Mark Docherty said...

And so, "with full freedom I declare" was a falsehood, right?

David O'Neill said...

We don't know that for sure. Fr Blake is simply making a POSSIBLE suggestion but seems to have no basis in fact.

Cosmos said...


I don't think pressure and freedom are incompatible at all. It would be almost impossible to ever make a free decisions otherwise. Was he pressured by a growing anxiety that he was letting down his flock and disappointing those who trusted in his leadership because of his physical ailments? Would that matter?

However, if the Pope were pressured, I'm not sure that you would look to the abdication letter to prove or disprove it!

Jacobi said...

My primary school in the 1940s was quite free of any form of violence, as I recall. This was confirmed to me by my older sisters.

At Senior Secondary in the late 40s/early 50s we got the belt (tawse) which I remember one teacher displaying with some admiration backed up by we pupils. The tawse was considered a good way of preparing one to accept and get used to inevitable tribulations and we took pride in not showing any reaction.

The tawse was for specific offences such as being late . It was never indiscriminate.

All of this is quite irrelevant to Benedict who should not have discriminated for family. That was his great mistake and we are stuck with it for another Pope or two

He sadly started the CEO syndrome - one reason why as he has said the Church is capsising

Otherwise Senior Secondary was positive and instructive

mark wauck said...

I've been emailing this theory around for the last several days. I think Fr Blake is owed a debt of gratitude for bringing it out in the open for honest discussion. I have to imagine Benedict knew he was risking this sort of retribution when he penned those funeral remarks.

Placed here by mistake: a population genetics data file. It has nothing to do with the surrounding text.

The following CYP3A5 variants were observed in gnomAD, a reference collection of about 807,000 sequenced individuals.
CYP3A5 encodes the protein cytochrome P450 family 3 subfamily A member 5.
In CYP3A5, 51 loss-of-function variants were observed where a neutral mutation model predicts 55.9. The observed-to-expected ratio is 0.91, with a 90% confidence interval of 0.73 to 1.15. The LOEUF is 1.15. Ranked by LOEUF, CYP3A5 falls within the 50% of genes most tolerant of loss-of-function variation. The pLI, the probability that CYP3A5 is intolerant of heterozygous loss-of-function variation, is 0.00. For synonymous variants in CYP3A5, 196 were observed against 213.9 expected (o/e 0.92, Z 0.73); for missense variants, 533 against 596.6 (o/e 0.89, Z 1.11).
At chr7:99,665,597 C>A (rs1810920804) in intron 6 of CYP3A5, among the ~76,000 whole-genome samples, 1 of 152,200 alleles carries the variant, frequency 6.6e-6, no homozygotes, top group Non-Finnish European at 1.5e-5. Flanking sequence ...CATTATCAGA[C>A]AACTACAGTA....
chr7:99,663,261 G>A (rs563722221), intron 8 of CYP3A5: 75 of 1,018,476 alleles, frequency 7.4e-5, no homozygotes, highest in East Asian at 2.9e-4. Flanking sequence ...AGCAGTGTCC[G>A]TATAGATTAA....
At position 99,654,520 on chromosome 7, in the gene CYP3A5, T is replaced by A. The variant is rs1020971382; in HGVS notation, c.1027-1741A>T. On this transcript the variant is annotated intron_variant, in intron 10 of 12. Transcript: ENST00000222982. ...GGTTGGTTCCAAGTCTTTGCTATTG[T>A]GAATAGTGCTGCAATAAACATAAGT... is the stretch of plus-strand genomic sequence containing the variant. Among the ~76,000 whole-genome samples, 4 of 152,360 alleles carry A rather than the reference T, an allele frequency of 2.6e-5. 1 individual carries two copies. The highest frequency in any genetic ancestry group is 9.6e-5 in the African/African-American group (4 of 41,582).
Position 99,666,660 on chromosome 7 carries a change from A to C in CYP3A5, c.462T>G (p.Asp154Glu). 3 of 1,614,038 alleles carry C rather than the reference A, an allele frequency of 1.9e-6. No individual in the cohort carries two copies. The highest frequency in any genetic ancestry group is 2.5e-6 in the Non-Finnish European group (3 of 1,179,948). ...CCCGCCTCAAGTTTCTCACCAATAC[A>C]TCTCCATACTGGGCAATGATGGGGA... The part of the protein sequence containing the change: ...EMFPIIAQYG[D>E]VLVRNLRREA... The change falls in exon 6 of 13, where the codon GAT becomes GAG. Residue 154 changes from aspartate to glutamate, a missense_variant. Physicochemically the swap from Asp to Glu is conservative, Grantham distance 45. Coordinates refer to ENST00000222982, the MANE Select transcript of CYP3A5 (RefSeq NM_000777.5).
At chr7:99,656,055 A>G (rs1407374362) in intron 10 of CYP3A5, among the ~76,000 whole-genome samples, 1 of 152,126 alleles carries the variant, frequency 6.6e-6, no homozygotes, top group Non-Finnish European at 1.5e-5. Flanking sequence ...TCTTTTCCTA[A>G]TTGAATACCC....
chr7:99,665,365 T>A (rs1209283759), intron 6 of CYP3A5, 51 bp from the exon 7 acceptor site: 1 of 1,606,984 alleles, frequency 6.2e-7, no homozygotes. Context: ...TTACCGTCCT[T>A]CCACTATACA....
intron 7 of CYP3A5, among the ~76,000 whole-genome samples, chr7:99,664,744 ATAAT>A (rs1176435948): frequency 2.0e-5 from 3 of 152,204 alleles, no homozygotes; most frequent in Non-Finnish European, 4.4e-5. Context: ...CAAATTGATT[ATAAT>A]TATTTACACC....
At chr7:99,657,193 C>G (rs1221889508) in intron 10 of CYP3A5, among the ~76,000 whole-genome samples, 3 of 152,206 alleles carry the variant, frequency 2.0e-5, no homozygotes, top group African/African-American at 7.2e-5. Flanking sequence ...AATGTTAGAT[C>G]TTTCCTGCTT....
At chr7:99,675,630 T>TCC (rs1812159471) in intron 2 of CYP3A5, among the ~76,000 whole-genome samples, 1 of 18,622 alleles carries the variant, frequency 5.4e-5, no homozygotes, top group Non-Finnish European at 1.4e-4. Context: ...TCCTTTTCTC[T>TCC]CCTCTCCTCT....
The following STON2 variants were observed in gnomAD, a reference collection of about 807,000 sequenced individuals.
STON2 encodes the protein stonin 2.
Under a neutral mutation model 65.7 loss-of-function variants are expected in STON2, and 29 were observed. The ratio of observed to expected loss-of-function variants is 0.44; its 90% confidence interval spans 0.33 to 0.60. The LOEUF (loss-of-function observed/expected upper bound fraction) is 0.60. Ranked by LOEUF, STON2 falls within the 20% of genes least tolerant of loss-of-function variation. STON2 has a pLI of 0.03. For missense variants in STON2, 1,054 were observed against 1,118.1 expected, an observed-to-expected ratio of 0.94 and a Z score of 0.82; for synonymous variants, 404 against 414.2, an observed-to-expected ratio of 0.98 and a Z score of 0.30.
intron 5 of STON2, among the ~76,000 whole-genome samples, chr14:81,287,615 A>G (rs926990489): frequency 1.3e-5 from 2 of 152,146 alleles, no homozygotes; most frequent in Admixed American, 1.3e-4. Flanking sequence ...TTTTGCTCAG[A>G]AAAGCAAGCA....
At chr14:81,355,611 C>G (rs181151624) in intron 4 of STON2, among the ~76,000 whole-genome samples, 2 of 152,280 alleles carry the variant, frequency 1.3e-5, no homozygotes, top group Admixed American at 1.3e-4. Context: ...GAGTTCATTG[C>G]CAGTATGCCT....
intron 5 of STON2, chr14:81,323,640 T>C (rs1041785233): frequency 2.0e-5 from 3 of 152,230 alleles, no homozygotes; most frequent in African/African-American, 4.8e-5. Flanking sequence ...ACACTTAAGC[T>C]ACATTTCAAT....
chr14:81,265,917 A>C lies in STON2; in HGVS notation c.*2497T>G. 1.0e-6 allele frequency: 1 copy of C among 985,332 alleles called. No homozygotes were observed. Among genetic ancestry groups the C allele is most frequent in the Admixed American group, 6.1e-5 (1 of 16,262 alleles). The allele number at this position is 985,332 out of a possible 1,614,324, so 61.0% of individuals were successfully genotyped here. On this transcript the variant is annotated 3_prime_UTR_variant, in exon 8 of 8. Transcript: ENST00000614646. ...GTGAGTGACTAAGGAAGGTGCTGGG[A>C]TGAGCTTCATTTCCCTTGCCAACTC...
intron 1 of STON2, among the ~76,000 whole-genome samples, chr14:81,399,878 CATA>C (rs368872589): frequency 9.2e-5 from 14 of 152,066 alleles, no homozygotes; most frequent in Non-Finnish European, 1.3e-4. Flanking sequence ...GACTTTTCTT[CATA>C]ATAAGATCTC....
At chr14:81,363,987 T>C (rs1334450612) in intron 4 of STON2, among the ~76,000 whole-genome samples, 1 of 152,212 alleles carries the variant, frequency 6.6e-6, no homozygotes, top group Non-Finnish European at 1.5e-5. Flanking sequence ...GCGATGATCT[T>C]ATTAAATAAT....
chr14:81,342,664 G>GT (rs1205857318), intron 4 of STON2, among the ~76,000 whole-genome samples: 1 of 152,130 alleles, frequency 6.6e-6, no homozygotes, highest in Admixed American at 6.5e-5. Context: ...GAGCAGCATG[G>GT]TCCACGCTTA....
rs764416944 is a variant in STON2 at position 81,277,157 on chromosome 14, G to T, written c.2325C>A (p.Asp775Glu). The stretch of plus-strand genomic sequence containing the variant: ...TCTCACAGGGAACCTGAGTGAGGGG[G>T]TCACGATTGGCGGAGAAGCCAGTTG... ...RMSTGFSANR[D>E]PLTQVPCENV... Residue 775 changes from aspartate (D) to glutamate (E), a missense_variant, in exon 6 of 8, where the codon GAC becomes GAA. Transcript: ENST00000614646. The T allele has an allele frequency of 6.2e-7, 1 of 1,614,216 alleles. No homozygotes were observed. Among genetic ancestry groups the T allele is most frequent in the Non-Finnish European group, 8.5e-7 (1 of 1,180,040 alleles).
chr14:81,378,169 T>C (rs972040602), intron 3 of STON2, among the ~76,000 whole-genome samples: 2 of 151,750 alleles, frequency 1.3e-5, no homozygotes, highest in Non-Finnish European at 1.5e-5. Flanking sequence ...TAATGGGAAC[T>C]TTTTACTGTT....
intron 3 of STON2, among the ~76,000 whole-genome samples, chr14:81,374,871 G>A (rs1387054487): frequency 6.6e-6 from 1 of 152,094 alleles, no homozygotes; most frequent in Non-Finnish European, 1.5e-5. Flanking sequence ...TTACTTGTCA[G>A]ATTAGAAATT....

Justin Nelson said...

I was thinking this same scenario for some time.
This doesn't mean he didn't resign with full freedom nor would it nullify his resignation.
It simply means he is a coward who abandoned the Church and the world for human respect-for him or his brother.
To lack freedom to the point of invalidating a human act- as Aquinas states- he would have had to lose his ability to reason when making the decision.
Being afraid can give mitigating circumstance as to culpability of the act but it doesn't negate the act by removing freedom.
Those are two different things.
The Angelic Doctor gives good examples of this in the Summa.

James said...

The then HF said what he said, and was very emphatic in saying it. So I believe him. To do otherwise risks opening the way to conspiracy theories, paranoia, and other bad stuff :(

The Lord’s descent into the underworld

At Matins/the Office of Readings on Holy Saturday the Church gives us this 'ancient homily', I find it incredibly moving, it is abou...